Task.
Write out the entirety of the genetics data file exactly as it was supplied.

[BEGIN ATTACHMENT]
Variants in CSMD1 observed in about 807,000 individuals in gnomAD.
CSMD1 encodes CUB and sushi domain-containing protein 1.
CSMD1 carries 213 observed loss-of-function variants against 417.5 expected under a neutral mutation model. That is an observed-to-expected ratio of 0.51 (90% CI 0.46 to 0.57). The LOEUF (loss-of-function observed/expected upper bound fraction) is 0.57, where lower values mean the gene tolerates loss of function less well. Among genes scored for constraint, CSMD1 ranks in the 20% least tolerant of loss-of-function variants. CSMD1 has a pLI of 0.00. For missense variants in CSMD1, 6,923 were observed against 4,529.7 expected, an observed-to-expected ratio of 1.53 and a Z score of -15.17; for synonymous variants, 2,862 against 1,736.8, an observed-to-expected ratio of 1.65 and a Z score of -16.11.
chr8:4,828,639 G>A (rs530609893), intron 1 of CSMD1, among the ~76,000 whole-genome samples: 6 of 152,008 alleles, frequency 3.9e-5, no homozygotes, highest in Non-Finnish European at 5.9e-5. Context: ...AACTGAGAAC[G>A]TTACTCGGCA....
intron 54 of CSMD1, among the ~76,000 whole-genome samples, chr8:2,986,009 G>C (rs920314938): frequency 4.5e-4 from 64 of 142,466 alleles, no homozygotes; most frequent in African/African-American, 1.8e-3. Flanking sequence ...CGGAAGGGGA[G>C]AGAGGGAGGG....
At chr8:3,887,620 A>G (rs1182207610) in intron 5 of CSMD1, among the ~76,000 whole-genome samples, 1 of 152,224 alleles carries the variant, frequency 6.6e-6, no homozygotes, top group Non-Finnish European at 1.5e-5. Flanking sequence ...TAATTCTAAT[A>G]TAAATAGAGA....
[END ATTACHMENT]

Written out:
Variants in CSMD1 observed in about 807,000 individuals in gnomAD.
CSMD1 encodes CUB and sushi domain-containing protein 1.
CSMD1 carries 213 observed loss-of-function variants against 417.5 expected under a neutral mutation model. That is an observed-to-expected ratio of 0.51 (90% CI 0.46 to 0.57). The LOEUF (loss-of-function observed/expected upper bound fraction) is 0.57, where lower values mean the gene tolerates loss of function less well. Among genes scored for constraint, CSMD1 ranks in the 20% least tolerant of loss-of-function variants. CSMD1 has a pLI of 0.00. For missense variants in CSMD1, 6,923 were observed against 4,529.7 expected, an observed-to-expected ratio of 1.53 and a Z score of -15.17; for synonymous variants, 2,862 against 1,736.8, an observed-to-expected ratio of 1.65 and a Z score of -16.11.
chr8:4,828,639 G>A (rs530609893), intron 1 of CSMD1, among the ~76,000 whole-genome samples: 6 of 152,008 alleles, frequency 3.9e-5, no homozygotes, highest in Non-Finnish European at 5.9e-5. Context: ...AACTGAGAAC[G>A]TTACTCGGCA....
intron 54 of CSMD1, among the ~76,000 whole-genome samples, chr8:2,986,009 G>C (rs920314938): frequency 4.5e-4 from 64 of 142,466 alleles, no homozygotes; most frequent in African/African-American, 1.8e-3. Flanking sequence ...CGGAAGGGGA[G>C]AGAGGGAGGG....
At chr8:3,887,620 A>G (rs1182207610) in intron 5 of CSMD1, among the ~76,000 whole-genome samples, 1 of 152,224 alleles carries the variant, frequency 6.6e-6, no homozygotes, top group Non-Finnish European at 1.5e-5. Flanking sequence ...TAATTCTAAT[A>G]TAAATAGAGA....